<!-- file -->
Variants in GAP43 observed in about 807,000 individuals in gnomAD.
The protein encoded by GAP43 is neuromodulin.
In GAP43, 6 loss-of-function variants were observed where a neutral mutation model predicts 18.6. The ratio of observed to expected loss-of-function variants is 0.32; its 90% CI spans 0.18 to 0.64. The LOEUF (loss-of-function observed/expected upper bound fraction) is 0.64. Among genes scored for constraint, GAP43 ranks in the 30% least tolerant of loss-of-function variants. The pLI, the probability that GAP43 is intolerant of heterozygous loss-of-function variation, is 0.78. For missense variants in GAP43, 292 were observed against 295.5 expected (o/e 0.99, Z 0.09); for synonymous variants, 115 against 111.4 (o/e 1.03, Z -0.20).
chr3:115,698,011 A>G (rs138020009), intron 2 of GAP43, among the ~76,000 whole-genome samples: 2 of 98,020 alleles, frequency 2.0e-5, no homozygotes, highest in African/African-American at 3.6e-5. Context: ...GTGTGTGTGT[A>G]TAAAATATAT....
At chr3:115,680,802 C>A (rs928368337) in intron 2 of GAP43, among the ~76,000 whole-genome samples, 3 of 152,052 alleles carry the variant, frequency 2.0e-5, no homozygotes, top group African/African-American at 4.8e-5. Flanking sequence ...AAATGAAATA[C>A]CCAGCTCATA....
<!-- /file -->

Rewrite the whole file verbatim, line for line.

Variants in GAP43 observed in about 807,000 individuals in gnomAD.
The protein encoded by GAP43 is neuromodulin.
In GAP43, 6 loss-of-function variants were observed where a neutral mutation model predicts 18.6. The ratio of observed to expected loss-of-function variants is 0.32; its 90% CI spans 0.18 to 0.64. The LOEUF (loss-of-function observed/expected upper bound fraction) is 0.64. Among genes scored for constraint, GAP43 ranks in the 30% least tolerant of loss-of-function variants. The pLI, the probability that GAP43 is intolerant of heterozygous loss-of-function variation, is 0.78. For missense variants in GAP43, 292 were observed against 295.5 expected (o/e 0.99, Z 0.09); for synonymous variants, 115 against 111.4 (o/e 1.03, Z -0.20).
chr3:115,698,011 A>G (rs138020009), intron 2 of GAP43, among the ~76,000 whole-genome samples: 2 of 98,020 alleles, frequency 2.0e-5, no homozygotes, highest in African/African-American at 3.6e-5. Context: ...GTGTGTGTGT[A>G]TAAAATATAT....
At chr3:115,680,802 C>A (rs928368337) in intron 2 of GAP43, among the ~76,000 whole-genome samples, 3 of 152,052 alleles carry the variant, frequency 2.0e-5, no homozygotes, top group African/African-American at 4.8e-5. Flanking sequence ...AAATGAAATA[C>A]CCAGCTCATA....